Mammary gland tumors (MGTs) are common in dogs and show a variable clinical behavior that is difficult to predict. Currently, few immunohistochemical markers have been established to predict the prognosis of a canine MGT. However, p53 immunostaining has been variably reported to be prognostic for canine MGTs. Additionally, while p16CDK2NA
protein (p16) immunostaining has been found to be prognostic for human breast cancers, this marker has never been evaluated as a prognostic marker for canine neoplasms. In the present study, the prognostic utility of p53 and p16 was evaluated in 35 canine malignant MGTs. It was observed that 19 (54%) dogs died due to their MGTs with an overall mean survival time (MST) of 882 days. Seven MGTs showed p53 immunostaining, but this was not significantly associated with death (4 of 7 vs. 15 of 28; p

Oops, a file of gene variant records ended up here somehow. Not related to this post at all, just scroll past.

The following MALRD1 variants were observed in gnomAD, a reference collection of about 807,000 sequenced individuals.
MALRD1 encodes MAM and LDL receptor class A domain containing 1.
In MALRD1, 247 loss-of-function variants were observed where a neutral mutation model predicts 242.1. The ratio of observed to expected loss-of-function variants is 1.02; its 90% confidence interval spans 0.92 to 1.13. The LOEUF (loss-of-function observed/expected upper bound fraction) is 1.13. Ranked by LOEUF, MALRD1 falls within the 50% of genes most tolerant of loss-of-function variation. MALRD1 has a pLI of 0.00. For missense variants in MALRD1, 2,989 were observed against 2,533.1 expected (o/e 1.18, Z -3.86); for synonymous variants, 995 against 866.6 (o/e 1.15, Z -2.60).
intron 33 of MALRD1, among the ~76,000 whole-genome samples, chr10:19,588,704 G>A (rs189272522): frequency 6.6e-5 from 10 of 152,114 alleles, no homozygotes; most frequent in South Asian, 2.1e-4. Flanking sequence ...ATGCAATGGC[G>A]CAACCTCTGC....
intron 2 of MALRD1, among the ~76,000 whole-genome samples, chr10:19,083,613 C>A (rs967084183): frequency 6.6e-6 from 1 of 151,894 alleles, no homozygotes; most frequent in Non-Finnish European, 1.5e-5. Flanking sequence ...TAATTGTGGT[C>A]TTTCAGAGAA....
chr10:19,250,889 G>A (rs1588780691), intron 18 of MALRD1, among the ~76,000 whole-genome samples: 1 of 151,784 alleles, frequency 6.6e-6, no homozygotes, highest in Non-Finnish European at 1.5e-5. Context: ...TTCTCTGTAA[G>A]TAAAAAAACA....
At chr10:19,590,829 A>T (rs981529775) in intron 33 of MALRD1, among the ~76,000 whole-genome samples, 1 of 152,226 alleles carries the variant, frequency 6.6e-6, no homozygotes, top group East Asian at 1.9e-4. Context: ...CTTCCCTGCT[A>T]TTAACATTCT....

= 0.6) or MST (670 vs. 934 days; p
= 0.57). Five dogs had MGTs with no p16 immunostaining, 28 MGTs had intermediate p16 immunostaining, and two MGTs had increased p16 immunostaining. Neither death due to MGT (4 of 5, 14 of 28, or 1 of 2; p
= 0.28) nor MST (683, 927, and 307 days; p
= 0.31) were significantly associated with p16 immunostaining. Interestingly, p53 immunostaining was significantly associated with an increase or loss of p16 immunostaining. This is the first time that p16 has been evaluated as a prognostic marker for canine neoplasms. While these results suggest that a proportion of canine MGTs develop by cellular mechanisms that alter both p53 and p16 expression, there was no evidence that defects in p53 or p16 alter the behavior of a MGT. Neither p53 nor p16 was found to significantly predict prognosis, although this could reflect the limited number of MGTs included in the study.
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